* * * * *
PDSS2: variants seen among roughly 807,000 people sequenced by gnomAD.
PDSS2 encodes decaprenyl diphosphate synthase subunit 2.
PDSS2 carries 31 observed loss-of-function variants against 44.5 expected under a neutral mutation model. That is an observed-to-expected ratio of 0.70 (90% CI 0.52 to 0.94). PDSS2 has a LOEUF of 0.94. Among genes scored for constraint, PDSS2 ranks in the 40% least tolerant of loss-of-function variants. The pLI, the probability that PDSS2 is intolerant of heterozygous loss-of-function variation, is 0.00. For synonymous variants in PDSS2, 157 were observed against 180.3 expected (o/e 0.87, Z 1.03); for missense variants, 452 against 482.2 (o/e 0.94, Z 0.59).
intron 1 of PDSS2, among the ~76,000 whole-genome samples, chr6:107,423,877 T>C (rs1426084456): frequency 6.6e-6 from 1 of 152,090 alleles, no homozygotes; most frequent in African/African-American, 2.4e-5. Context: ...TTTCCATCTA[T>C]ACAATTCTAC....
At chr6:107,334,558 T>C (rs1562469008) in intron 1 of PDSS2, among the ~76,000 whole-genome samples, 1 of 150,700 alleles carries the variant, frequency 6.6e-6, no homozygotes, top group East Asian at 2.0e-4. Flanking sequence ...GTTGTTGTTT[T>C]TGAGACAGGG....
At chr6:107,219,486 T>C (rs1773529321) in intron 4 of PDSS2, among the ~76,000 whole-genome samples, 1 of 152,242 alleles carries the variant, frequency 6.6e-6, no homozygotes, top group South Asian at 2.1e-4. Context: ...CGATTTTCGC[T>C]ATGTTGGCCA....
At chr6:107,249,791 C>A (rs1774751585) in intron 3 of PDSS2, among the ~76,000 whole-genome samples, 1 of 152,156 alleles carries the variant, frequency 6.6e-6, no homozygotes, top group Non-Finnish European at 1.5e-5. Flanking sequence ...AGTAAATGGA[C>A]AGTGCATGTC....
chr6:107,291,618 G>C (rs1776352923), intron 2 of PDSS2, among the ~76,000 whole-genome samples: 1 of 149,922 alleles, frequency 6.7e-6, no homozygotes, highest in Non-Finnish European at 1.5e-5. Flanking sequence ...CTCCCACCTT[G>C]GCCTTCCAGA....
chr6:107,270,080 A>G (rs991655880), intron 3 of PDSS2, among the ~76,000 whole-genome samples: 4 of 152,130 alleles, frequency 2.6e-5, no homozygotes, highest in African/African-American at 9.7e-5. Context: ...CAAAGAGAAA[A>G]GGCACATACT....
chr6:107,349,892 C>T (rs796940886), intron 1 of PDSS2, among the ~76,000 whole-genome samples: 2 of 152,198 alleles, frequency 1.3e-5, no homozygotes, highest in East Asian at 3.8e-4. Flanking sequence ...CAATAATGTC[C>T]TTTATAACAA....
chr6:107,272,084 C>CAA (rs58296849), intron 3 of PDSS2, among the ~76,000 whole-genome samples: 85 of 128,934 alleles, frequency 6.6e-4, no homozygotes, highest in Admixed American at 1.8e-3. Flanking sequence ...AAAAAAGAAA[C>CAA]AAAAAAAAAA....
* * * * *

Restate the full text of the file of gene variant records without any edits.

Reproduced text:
PDSS2: variants seen among roughly 807,000 people sequenced by gnomAD.
PDSS2 encodes decaprenyl diphosphate synthase subunit 2.
PDSS2 carries 31 observed loss-of-function variants against 44.5 expected under a neutral mutation model. That is an observed-to-expected ratio of 0.70 (90% CI 0.52 to 0.94). PDSS2 has a LOEUF of 0.94. Among genes scored for constraint, PDSS2 ranks in the 40% least tolerant of loss-of-function variants. The pLI, the probability that PDSS2 is intolerant of heterozygous loss-of-function variation, is 0.00. For synonymous variants in PDSS2, 157 were observed against 180.3 expected (o/e 0.87, Z 1.03); for missense variants, 452 against 482.2 (o/e 0.94, Z 0.59).
intron 1 of PDSS2, among the ~76,000 whole-genome samples, chr6:107,423,877 T>C (rs1426084456): frequency 6.6e-6 from 1 of 152,090 alleles, no homozygotes; most frequent in African/African-American, 2.4e-5. Context: ...TTTCCATCTA[T>C]ACAATTCTAC....
At chr6:107,334,558 T>C (rs1562469008) in intron 1 of PDSS2, among the ~76,000 whole-genome samples, 1 of 150,700 alleles carries the variant, frequency 6.6e-6, no homozygotes, top group East Asian at 2.0e-4. Flanking sequence ...GTTGTTGTTT[T>C]TGAGACAGGG....
At chr6:107,219,486 T>C (rs1773529321) in intron 4 of PDSS2, among the ~76,000 whole-genome samples, 1 of 152,242 alleles carries the variant, frequency 6.6e-6, no homozygotes, top group South Asian at 2.1e-4. Context: ...CGATTTTCGC[T>C]ATGTTGGCCA....
At chr6:107,249,791 C>A (rs1774751585) in intron 3 of PDSS2, among the ~76,000 whole-genome samples, 1 of 152,156 alleles carries the variant, frequency 6.6e-6, no homozygotes, top group Non-Finnish European at 1.5e-5. Flanking sequence ...AGTAAATGGA[C>A]AGTGCATGTC....
chr6:107,291,618 G>C (rs1776352923), intron 2 of PDSS2, among the ~76,000 whole-genome samples: 1 of 149,922 alleles, frequency 6.7e-6, no homozygotes, highest in Non-Finnish European at 1.5e-5. Flanking sequence ...CTCCCACCTT[G>C]GCCTTCCAGA....
chr6:107,270,080 A>G (rs991655880), intron 3 of PDSS2, among the ~76,000 whole-genome samples: 4 of 152,130 alleles, frequency 2.6e-5, no homozygotes, highest in African/African-American at 9.7e-5. Context: ...CAAAGAGAAA[A>G]GGCACATACT....
chr6:107,349,892 C>T (rs796940886), intron 1 of PDSS2, among the ~76,000 whole-genome samples: 2 of 152,198 alleles, frequency 1.3e-5, no homozygotes, highest in East Asian at 3.8e-4. Flanking sequence ...CAATAATGTC[C>T]TTTATAACAA....
chr6:107,272,084 C>CAA (rs58296849), intron 3 of PDSS2, among the ~76,000 whole-genome samples: 85 of 128,934 alleles, frequency 6.6e-4, no homozygotes, highest in Admixed American at 1.8e-3. Flanking sequence ...AAAAAAGAAA[C>CAA]AAAAAAAAAA....